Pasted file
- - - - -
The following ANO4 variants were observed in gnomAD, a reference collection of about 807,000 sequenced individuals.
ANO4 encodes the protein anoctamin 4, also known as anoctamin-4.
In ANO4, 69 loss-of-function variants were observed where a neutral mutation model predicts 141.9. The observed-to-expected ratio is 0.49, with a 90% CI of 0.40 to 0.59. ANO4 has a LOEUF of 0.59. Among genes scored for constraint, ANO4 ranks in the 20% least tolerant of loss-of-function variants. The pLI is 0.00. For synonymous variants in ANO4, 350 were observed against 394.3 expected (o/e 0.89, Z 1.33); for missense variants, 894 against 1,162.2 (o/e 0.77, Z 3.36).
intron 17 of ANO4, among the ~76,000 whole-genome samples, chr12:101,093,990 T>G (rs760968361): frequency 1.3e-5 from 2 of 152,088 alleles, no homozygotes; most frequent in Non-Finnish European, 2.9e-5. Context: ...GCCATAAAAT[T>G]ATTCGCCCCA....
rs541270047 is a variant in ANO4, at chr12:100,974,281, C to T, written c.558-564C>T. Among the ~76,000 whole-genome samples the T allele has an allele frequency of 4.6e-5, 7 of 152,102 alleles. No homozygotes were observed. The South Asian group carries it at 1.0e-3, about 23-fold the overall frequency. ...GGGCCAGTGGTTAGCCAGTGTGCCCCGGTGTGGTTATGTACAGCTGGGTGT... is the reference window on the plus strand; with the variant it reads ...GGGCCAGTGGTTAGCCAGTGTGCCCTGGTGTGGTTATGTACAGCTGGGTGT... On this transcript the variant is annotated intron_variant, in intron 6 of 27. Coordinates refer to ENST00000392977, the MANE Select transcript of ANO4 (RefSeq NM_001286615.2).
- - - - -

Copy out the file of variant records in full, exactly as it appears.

The following ANO4 variants were observed in gnomAD, a reference collection of about 807,000 sequenced individuals.
ANO4 encodes the protein anoctamin 4, also known as anoctamin-4.
In ANO4, 69 loss-of-function variants were observed where a neutral mutation model predicts 141.9. The observed-to-expected ratio is 0.49, with a 90% CI of 0.40 to 0.59. ANO4 has a LOEUF of 0.59. Among genes scored for constraint, ANO4 ranks in the 20% least tolerant of loss-of-function variants. The pLI is 0.00. For synonymous variants in ANO4, 350 were observed against 394.3 expected (o/e 0.89, Z 1.33); for missense variants, 894 against 1,162.2 (o/e 0.77, Z 3.36).
intron 17 of ANO4, among the ~76,000 whole-genome samples, chr12:101,093,990 T>G (rs760968361): frequency 1.3e-5 from 2 of 152,088 alleles, no homozygotes; most frequent in Non-Finnish European, 2.9e-5. Context: ...GCCATAAAAT[T>G]ATTCGCCCCA....
rs541270047 is a variant in ANO4, at chr12:100,974,281, C to T, written c.558-564C>T. Among the ~76,000 whole-genome samples the T allele has an allele frequency of 4.6e-5, 7 of 152,102 alleles. No homozygotes were observed. The South Asian group carries it at 1.0e-3, about 23-fold the overall frequency. ...GGGCCAGTGGTTAGCCAGTGTGCCCCGGTGTGGTTATGTACAGCTGGGTGT... is the reference window on the plus strand; with the variant it reads ...GGGCCAGTGGTTAGCCAGTGTGCCCTGGTGTGGTTATGTACAGCTGGGTGT... On this transcript the variant is annotated intron_variant, in intron 6 of 27. Coordinates refer to ENST00000392977, the MANE Select transcript of ANO4 (RefSeq NM_001286615.2).